Respondent submitted various academic and scholarly articles referring to institutions in this country as “American universities,” or use the term “American-style universities” to describe the attempts by foreign institutions to emulate the characteristics of U.S. universities. The Board found that this evidence, at best, shows geographically descriptive use of the words “American university(-ies)” to describe foreign universities, and “American-style” to describe certain characteristics of universities, but it does not demonstrate that petitioner’s mark is generic.

Respondent also argued that AMERICAN UNIVERSITY has become generic due to petitioner’s failure to police, pointing to “more than 70 distinct users” with which petitioner appears to have no relationship. The Board was not impressed. The “vast majority” of these entities are located overseas “and would be expected to attract students primarily from their regional locale.” Petitioner submitted testimony regarding policing of its mark, as well as evidence of agreements with other entities, containing various restrictions regarding use. The Board found that petitioner’s enforcement efforts weigh against a finding of genericness, and it concluded that AMERICAN UNIVERSITY is not generic due to petitioner’s alleged failure to police its mark.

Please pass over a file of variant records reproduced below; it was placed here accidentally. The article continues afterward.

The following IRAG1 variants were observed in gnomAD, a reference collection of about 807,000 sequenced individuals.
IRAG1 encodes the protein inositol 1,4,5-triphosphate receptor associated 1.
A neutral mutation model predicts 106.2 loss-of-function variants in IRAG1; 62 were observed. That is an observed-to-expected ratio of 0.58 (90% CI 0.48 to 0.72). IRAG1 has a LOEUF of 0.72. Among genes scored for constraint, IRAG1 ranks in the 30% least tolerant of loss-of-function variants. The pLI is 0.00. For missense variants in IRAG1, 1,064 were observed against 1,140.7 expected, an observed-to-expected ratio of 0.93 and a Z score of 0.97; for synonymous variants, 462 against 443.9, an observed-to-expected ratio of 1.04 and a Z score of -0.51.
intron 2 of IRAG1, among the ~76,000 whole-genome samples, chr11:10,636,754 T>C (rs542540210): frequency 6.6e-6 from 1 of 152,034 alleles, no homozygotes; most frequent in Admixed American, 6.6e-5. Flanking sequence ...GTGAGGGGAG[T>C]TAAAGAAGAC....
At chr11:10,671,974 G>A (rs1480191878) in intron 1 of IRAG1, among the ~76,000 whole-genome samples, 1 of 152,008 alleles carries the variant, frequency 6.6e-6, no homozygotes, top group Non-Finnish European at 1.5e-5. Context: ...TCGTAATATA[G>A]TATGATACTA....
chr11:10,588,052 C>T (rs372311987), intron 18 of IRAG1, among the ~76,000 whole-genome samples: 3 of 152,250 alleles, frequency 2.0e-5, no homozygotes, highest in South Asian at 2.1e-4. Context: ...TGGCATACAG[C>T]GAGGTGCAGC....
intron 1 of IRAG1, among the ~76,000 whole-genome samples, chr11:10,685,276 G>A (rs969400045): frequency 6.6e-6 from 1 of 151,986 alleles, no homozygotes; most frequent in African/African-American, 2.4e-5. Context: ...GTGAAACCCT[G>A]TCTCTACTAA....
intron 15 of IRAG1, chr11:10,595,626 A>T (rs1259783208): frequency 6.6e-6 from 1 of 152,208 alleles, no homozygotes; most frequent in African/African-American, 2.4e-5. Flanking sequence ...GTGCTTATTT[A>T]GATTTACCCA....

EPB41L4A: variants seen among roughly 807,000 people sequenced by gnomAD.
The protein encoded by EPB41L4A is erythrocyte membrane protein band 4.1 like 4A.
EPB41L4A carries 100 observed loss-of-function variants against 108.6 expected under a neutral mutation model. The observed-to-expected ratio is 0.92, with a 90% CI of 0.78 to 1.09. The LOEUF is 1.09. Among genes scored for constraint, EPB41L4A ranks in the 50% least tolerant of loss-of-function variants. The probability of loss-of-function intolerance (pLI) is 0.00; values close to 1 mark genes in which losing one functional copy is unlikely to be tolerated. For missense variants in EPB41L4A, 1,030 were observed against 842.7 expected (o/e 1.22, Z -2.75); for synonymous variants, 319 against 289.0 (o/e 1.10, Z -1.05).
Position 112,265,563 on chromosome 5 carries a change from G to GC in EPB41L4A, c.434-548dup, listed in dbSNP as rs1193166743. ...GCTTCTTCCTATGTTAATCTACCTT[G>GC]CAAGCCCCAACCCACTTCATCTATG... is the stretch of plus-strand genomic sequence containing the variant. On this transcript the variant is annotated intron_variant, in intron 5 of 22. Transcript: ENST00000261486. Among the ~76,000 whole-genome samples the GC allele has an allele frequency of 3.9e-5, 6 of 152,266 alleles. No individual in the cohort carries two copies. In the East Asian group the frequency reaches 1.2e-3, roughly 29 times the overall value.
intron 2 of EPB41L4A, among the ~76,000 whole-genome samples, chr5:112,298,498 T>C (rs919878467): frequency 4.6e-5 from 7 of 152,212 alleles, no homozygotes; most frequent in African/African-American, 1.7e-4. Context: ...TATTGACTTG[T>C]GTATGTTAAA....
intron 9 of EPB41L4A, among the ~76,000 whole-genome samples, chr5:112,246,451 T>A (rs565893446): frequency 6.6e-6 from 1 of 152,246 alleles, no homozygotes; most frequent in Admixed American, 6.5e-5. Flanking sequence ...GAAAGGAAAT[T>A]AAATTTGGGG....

And so the Board ruled that AMERICAN UNIVERSITY is not generic for petitioner’s services. Although it may be an “apt” name for a university located in this country, “[a]ptness is not sufficient to prove genericness.”

Acquired Distinctiveness for AMERICAN UNIVERSITY:

Respondent contended that the Section 2(f) claim in each of petitioner’s registrations was improper because petitioner was not the “substantially exclusive user” of the mark, and further that petitioner could not prove acquired distinctiveness.

The Board, however, found that AMERICAN UNIVERSITY has acquired distinctiveness, based on petitioner’s use of the mark for more than 100 years, extensive advertising, media exposure through sports events, radio programming, sales of branded merchandise, number of enrolled students and graduates, and unsolicited media coverage.

The Board therefore denied respondent’s counterclaims.

Respondent’s Nonuse: The Board declined to reach petitioner’s Section 2(d) claim because it found that respondent did not use its mark in commerce within the meaning of Section 45, prior to the filing date of its underlying, use-based application in 2006.